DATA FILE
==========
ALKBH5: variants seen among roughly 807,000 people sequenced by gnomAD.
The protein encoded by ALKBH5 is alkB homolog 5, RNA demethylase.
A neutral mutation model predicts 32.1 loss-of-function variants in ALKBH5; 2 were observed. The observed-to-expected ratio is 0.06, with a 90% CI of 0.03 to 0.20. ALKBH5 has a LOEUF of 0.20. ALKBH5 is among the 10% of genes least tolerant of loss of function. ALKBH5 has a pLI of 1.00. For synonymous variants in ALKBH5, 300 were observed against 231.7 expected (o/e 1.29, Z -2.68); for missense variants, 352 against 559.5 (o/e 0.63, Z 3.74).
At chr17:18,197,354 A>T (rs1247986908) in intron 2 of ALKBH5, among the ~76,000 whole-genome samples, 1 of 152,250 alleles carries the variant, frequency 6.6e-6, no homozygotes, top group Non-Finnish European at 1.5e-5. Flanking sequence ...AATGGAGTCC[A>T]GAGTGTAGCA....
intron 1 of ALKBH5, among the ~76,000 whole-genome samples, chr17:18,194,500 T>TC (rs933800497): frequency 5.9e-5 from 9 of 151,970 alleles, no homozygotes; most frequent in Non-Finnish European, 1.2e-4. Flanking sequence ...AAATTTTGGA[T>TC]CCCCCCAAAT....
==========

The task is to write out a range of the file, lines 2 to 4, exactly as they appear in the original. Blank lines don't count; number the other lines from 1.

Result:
The protein encoded by ALKBH5 is alkB homolog 5, RNA demethylase.
A neutral mutation model predicts 32.1 loss-of-function variants in ALKBH5; 2 were observed. The observed-to-expected ratio is 0.06, with a 90% CI of 0.03 to 0.20. ALKBH5 has a LOEUF of 0.20. ALKBH5 is among the 10% of genes least tolerant of loss of function. ALKBH5 has a pLI of 1.00. For synonymous variants in ALKBH5, 300 were observed against 231.7 expected (o/e 1.29, Z -2.68); for missense variants, 352 against 559.5 (o/e 0.63, Z 3.74).
At chr17:18,197,354 A>T (rs1247986908) in intron 2 of ALKBH5, among the ~76,000 whole-genome samples, 1 of 152,250 alleles carries the variant, frequency 6.6e-6, no homozygotes, top group Non-Finnish European at 1.5e-5. Flanking sequence ...AATGGAGTCC[A>T]GAGTGTAGCA....